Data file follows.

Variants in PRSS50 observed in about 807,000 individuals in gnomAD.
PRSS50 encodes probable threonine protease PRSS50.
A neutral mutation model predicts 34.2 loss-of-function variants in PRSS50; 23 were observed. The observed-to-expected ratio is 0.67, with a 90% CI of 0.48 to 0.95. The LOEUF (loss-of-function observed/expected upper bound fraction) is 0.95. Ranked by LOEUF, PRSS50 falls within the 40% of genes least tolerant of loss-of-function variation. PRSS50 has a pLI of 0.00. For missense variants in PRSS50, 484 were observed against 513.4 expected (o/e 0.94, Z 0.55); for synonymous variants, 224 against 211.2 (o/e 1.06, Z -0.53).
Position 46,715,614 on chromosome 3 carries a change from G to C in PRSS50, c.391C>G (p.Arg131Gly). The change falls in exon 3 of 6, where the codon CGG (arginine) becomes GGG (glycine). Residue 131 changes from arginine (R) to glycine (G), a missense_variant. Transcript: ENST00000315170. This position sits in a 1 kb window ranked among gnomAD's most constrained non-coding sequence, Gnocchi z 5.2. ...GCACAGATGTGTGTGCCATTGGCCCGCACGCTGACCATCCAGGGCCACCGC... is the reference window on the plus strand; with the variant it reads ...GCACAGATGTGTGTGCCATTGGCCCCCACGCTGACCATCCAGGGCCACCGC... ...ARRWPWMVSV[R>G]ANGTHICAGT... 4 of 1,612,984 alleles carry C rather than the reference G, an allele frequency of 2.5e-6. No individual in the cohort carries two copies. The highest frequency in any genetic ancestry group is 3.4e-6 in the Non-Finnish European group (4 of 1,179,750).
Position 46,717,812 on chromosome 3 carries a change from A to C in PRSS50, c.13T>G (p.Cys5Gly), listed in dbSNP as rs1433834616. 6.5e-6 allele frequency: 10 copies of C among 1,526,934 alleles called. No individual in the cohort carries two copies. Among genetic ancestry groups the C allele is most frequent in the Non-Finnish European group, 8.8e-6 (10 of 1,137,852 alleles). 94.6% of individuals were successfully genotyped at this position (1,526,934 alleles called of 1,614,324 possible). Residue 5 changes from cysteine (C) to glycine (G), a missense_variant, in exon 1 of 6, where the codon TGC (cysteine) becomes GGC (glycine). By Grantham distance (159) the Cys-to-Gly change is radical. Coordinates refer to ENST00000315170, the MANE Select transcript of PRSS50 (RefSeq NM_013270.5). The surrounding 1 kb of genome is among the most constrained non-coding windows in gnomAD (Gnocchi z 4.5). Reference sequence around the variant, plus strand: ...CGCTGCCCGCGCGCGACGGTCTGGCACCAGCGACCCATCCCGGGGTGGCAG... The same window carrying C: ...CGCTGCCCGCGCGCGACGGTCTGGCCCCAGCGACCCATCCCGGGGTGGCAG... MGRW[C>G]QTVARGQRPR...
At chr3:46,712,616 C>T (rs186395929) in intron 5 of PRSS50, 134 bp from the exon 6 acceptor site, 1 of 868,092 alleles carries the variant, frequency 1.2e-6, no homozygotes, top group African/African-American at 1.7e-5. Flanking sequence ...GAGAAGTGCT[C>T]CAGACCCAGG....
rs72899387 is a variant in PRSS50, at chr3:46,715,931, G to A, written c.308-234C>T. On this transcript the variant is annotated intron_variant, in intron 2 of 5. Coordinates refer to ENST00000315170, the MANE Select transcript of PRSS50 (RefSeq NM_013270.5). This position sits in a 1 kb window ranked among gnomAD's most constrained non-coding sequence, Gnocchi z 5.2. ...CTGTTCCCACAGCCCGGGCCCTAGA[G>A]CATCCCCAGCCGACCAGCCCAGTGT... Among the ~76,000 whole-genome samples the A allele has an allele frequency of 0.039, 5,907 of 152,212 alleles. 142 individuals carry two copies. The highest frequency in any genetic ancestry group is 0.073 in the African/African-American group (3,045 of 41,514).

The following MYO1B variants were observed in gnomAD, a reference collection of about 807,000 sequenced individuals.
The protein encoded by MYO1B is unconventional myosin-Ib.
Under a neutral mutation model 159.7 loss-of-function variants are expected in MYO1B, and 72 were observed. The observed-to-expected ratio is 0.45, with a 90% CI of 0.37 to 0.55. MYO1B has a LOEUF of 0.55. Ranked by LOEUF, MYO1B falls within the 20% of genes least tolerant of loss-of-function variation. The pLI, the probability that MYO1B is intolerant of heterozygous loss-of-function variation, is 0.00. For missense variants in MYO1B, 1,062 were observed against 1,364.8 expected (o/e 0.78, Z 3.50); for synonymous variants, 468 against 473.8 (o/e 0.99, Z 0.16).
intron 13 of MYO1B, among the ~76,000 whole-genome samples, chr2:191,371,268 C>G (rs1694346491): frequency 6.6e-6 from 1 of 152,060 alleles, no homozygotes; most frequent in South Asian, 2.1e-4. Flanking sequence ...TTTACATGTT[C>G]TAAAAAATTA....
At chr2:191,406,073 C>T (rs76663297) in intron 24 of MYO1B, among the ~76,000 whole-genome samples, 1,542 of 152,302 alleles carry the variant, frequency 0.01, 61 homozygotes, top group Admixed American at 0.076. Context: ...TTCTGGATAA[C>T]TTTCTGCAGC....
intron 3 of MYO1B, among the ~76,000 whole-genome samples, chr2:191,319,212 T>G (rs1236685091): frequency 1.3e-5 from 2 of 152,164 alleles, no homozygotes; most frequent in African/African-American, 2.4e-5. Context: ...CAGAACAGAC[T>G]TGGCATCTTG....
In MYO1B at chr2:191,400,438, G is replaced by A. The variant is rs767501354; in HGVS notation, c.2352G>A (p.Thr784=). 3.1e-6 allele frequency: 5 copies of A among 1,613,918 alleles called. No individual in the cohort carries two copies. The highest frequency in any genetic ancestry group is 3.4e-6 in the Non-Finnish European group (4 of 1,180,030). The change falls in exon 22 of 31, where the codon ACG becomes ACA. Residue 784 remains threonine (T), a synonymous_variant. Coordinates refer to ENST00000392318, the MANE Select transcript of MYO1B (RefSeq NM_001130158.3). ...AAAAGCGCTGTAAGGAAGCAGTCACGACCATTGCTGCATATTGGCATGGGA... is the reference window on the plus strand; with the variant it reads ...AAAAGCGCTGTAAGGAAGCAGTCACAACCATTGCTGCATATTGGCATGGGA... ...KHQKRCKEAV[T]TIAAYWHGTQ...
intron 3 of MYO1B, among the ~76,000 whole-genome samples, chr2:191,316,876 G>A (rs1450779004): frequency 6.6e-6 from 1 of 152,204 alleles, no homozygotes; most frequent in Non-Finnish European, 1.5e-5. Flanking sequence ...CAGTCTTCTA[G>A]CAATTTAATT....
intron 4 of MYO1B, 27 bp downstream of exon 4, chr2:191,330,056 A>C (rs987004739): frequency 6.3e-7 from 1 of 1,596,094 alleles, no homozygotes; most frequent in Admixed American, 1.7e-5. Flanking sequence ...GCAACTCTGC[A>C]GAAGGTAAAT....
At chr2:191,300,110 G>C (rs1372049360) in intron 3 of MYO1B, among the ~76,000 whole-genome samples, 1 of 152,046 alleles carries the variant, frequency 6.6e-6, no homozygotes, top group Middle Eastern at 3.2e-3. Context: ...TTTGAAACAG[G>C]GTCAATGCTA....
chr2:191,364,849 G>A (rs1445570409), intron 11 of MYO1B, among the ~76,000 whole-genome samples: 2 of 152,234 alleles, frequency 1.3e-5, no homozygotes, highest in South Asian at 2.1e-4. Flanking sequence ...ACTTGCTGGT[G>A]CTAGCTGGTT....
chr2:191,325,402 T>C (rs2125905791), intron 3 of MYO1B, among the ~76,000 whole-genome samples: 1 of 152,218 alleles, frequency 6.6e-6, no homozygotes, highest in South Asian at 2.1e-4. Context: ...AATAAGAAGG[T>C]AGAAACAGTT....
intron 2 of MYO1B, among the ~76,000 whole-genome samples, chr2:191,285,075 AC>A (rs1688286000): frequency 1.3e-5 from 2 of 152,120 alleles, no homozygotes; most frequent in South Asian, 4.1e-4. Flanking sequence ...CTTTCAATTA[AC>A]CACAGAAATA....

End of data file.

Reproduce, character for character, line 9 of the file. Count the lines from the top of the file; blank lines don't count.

The protein encoded by MYO1B is unconventional myosin-Ib.